The pandemic is revealing a new form of national power

If there were one elemental building block of resilience shared by all nations that exhibit it—one weird trick that united every country that has made the most progress in combating COVID-19—then enhancing resilience might be easy. But the pandemic has shown that resilience comes in many different forms. It is, as The Atlantic’s Ed Yong has written, about the mundane alchemy of doing “enough things right.”

What makes some countries more resilient than others, Michele Grossman, a resilience expert at Deakin University in Melbourne, told me, is “how well the interdependent and interactive systems that make up ‘the nation’ are working.”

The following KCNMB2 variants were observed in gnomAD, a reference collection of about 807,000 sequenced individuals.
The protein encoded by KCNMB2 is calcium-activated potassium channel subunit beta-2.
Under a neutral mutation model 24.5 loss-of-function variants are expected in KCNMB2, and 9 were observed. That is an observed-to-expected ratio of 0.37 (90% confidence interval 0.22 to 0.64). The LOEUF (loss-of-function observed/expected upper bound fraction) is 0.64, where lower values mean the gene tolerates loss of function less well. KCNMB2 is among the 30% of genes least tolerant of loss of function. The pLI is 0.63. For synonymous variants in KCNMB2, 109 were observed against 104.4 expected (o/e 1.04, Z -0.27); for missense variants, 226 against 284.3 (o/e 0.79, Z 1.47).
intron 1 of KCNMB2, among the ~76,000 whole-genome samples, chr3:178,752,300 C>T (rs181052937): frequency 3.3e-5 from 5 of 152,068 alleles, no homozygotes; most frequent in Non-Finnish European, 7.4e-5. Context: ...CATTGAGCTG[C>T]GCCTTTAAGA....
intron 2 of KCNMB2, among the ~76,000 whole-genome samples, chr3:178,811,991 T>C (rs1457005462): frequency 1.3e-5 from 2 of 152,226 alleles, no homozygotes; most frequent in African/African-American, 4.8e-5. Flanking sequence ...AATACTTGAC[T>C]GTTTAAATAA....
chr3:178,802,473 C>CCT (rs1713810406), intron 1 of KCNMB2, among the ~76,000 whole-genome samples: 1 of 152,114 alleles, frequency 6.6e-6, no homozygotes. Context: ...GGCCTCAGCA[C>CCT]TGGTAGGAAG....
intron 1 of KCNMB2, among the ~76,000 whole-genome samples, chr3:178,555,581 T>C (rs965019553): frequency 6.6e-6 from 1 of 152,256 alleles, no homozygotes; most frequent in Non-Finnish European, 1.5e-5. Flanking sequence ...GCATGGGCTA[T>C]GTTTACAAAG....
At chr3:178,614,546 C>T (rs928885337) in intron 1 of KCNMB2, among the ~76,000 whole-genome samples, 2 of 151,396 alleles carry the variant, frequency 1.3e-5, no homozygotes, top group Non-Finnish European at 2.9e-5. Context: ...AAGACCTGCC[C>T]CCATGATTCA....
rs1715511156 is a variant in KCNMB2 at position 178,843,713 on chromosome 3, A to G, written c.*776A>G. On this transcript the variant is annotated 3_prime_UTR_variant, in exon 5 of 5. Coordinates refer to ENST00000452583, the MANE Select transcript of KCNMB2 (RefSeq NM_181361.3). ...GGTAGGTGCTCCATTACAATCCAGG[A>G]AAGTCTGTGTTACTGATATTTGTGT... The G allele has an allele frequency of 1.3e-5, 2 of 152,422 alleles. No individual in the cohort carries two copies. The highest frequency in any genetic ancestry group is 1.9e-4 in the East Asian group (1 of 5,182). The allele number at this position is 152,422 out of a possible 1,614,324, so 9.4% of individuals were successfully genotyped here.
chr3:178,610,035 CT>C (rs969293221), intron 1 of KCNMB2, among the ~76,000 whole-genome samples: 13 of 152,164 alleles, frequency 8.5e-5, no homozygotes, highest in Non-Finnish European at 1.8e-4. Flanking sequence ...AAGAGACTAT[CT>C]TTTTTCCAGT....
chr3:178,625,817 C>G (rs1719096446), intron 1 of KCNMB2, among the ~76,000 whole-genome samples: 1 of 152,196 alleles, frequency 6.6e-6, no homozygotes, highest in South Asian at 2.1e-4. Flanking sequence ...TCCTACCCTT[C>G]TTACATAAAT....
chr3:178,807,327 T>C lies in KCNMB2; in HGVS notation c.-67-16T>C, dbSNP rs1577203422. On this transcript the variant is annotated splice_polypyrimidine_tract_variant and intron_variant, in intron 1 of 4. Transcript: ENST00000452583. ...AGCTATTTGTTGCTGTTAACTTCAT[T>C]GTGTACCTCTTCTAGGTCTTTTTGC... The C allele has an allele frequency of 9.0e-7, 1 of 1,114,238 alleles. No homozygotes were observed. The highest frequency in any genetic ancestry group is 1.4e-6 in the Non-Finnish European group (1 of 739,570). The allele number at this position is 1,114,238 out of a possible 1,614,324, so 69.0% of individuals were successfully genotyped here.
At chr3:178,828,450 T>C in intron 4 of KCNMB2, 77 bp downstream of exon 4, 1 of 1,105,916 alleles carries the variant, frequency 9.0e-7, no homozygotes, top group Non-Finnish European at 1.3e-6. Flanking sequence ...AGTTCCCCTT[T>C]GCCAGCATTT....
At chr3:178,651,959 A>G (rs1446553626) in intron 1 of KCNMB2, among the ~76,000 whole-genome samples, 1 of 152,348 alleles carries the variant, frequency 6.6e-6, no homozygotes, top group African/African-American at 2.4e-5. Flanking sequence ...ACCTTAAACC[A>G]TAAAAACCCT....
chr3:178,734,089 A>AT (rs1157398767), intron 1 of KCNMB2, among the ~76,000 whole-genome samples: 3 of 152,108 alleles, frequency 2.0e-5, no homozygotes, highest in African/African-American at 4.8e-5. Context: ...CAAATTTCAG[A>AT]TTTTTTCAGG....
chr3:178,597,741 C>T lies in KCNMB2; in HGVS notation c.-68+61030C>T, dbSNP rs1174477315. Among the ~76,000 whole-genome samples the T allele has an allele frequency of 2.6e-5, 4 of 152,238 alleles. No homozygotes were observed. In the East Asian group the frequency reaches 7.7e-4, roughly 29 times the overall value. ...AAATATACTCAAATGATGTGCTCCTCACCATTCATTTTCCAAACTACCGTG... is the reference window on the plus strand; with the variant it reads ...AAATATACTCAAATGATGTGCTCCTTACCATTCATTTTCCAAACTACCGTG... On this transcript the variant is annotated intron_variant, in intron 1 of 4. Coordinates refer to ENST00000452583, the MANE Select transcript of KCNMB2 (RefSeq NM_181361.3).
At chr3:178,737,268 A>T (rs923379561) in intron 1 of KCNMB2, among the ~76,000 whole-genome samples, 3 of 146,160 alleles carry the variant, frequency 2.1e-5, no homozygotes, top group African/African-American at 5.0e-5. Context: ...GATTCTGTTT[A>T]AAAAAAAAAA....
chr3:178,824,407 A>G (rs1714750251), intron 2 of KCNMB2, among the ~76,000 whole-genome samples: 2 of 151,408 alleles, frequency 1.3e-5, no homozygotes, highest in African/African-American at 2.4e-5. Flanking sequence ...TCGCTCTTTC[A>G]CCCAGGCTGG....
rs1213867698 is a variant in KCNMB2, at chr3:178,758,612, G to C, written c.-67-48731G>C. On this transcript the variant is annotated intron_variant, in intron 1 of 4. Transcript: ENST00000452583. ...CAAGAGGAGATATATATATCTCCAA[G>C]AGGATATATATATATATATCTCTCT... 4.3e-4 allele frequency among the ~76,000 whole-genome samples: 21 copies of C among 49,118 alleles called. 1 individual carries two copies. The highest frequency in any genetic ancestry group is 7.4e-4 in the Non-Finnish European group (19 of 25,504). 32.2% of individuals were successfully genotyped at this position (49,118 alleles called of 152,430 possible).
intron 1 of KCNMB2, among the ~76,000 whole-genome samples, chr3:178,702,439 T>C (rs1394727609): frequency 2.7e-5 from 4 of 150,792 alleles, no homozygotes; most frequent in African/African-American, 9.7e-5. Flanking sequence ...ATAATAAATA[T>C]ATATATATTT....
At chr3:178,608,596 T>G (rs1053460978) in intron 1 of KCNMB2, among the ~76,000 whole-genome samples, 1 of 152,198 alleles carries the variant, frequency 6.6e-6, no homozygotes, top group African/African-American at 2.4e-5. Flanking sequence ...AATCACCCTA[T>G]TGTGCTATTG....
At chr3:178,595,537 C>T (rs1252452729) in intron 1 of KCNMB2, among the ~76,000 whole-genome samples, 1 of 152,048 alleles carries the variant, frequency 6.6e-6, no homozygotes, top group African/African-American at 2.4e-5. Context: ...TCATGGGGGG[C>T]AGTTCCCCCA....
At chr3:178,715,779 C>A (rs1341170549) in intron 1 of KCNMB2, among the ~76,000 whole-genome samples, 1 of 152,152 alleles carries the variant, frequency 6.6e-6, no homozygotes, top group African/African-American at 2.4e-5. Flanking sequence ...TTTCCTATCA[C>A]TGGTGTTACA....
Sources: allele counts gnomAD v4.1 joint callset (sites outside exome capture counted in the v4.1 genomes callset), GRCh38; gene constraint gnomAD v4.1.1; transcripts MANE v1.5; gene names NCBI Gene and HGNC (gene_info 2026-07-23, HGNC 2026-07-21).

Australia has so far performed better against the coronavirus than has the United States, which Grossman attributed to a host of variables. She pointed, for instance, to the Australian government’s early restrictions and preparedness measures even before the World Health Organization declared a pandemic, which reflected the “resilience principle of being adaptive and dynamic … in response to new circumstances.” Other factors ranged from the government’s prioritization of suppressing the virus over reopening the economy, which recognized that resilience requires “trade-offs between systems,” to Australians’ “long history of lived resilience” from experiencing natural disasters, which underscores that resilience emerges “in contexts of adversity.”